|Bottler||William Grant & Sons via Quality Spirits International|
|Cask||Premium Rum Cask Finish|
|Strength||40% (80 Proof)|
Trader Joe’s describes it as having been matured in traditional oak casks until it had achieved the perfect balance and flavor, upon which it was transferred into first-fill premium rum casks to increase the depth of flavor. Sadly I must report that I have discovered neither perfection nor premium anything in this whisky. I wish this one had turned out to be one of those hidden treasures in the twenty to thirty US dollar range, in part because I generally like the influence of rum casks on whisky, but, alas, it did not. William Grant & Sons bottled this through a subsidiary of theirs. Since WG&S currently own only Speyside single malt distilleries in Scotland (Balvenie, Glenfiddich and Kininvie) the Highland label is either somewhat inaccurate by SWA standards, though sometimes Speysiders are labeled as Highlanders, or they bottled juice from a distillery not their own for this. Balvenie does play around with rum casks, e.g. for their 14yo Carribbean Cask releases, so perhaps this is something made there that wasn’t deemed fit for use in a proper, labeled Balvenie.
Nose: The rum finish isn’t completely obvious here though there is a presence of it. It’s less like nosing rum-finished whisky than it is like nosing somewhat plain whisky sloshing over a framed photo of brown sugar. Eventually more rummy molasses begins to seep through pushing a few classic whisky citrus sparkles into the background. Neither element is particularly prominent and both are somewhat… simple. Decent enough, I guess, though the sugar gives it a decidedly non-premium, one might even say cheap, feel. (4.9/10)
Palate: The entrance is rather goopy but it does deliver a considerably more detailed report on the sugars and citrus fruit involved. That report has been printed on a thin sheet of wood. Not at all bad, actually. It’s really surprisingly entertaining after the less than thrilling nose. That is until you swallow it, anyways. (5.9/10)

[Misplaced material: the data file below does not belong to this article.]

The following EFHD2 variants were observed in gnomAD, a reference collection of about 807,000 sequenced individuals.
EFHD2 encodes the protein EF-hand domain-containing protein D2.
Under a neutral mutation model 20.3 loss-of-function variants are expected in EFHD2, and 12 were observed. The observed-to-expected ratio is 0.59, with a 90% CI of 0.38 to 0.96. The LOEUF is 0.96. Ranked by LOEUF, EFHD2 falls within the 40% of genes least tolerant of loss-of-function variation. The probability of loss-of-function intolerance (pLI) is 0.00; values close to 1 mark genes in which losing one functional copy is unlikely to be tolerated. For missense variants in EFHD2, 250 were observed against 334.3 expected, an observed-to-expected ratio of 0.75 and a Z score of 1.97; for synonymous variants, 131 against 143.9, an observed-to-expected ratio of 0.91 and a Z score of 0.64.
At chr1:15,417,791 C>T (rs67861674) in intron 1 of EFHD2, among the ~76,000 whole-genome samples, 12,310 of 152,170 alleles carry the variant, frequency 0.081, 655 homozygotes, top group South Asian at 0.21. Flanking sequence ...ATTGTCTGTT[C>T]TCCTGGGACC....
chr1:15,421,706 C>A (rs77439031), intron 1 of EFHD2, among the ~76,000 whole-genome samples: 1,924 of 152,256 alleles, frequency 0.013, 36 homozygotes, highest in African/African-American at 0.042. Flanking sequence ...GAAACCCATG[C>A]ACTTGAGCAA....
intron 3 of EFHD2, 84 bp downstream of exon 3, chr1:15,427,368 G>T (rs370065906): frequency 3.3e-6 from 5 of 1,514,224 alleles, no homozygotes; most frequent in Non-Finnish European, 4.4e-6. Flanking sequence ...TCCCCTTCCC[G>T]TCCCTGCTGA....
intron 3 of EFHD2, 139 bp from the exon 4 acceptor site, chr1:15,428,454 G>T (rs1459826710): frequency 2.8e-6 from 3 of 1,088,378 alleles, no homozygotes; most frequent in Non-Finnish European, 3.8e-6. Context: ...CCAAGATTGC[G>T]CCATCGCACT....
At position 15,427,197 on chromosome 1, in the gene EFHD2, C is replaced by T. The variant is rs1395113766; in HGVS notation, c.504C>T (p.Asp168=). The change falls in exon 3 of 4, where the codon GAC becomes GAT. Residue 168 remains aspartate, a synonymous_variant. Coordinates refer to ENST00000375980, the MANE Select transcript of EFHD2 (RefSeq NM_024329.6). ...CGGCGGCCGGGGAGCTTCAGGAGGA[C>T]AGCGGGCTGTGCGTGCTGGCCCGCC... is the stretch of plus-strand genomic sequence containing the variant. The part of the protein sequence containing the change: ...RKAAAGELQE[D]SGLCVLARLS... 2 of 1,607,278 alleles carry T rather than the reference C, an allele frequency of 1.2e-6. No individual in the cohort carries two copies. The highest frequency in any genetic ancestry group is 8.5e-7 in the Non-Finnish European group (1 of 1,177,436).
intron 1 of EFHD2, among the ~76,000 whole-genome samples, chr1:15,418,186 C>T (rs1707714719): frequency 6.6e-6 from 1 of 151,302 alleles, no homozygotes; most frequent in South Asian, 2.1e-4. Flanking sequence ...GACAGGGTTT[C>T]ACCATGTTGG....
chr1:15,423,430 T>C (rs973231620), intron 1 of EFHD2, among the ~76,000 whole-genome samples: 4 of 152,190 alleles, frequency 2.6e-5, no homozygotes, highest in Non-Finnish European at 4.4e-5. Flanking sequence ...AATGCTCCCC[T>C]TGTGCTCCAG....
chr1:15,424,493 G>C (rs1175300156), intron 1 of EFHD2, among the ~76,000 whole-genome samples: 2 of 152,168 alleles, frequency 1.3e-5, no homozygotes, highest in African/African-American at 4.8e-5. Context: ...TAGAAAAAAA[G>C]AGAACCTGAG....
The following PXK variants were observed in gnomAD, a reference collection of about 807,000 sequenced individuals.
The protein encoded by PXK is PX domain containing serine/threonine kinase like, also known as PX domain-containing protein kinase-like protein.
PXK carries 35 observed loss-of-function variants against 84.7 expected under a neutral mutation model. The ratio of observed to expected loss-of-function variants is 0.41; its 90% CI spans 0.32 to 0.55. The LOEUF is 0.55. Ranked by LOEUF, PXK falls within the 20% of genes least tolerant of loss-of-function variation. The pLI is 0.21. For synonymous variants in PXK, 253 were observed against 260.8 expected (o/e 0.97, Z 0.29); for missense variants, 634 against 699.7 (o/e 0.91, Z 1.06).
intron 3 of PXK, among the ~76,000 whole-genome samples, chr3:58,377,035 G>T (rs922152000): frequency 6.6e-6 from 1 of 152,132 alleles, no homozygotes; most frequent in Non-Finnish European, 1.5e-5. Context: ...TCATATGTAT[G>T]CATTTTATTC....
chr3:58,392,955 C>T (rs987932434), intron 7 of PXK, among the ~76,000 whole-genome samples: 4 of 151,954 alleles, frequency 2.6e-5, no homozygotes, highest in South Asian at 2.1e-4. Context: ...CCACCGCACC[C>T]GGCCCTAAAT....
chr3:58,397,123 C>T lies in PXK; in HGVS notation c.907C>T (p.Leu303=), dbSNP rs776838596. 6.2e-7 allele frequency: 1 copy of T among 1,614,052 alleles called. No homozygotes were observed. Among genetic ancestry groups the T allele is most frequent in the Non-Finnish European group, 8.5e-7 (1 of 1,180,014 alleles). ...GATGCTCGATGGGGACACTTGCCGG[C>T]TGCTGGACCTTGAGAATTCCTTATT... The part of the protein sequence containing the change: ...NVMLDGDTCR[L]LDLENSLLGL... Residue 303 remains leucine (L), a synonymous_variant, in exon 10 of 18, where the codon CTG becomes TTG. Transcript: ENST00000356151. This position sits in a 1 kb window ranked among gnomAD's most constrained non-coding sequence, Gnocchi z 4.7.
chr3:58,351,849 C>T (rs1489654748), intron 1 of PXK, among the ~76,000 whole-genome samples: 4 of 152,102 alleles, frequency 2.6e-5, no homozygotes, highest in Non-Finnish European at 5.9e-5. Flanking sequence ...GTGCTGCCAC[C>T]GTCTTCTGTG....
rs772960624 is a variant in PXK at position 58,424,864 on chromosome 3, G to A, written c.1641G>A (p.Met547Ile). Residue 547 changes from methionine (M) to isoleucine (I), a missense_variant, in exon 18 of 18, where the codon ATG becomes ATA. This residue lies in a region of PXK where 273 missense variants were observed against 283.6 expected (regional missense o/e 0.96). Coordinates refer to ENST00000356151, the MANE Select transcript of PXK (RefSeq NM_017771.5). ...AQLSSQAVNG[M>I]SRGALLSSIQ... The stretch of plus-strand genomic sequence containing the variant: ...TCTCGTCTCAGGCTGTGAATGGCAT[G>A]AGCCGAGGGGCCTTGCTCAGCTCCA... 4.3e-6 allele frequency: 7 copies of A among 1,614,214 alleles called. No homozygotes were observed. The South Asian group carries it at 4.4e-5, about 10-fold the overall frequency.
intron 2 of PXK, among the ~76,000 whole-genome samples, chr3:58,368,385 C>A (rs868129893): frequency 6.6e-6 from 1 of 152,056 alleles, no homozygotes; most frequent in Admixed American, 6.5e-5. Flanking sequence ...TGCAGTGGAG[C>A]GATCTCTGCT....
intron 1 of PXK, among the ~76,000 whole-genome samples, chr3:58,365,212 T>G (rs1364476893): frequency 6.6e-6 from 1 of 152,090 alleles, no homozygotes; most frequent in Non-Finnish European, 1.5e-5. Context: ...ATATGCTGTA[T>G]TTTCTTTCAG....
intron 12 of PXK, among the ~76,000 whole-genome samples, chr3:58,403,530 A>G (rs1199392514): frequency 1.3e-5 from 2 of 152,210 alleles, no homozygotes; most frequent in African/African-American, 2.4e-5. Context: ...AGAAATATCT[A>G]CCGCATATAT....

Finish: Bah! All the nice, interesting and shiny bits that popped out on the palate quickly sink into a dull, sugary swamp that sucks the life right out of everything. Just a bored, plain, sweet coating is all that’s left behind. A few desperate lemons struggle valiantly for a few moments, trying to stay afloat, but they too are quickly sucked down into the sludge. The best thing about the finish is a soft hint of warmth in the chest. (4.1/10)
Balance: I’m always happy to find pearls on the bottom shelf. But this ain’t one. It’s more like a small, boring but not totally ugly picture of a pearl that someone put into an oversized and rather lame picture frame. Unfortunately they mounted the picture with lots of sugary glue so there is nothing you can do about it. I am disappoint. Anything one might even remotely consider “premium” is crammed into the brief but enjoyable palate. If you must drink this whisky I recommend holding onto the whisky in your mouth for as long as humanly possible for that is where all of the limited joy is. (4.8/10)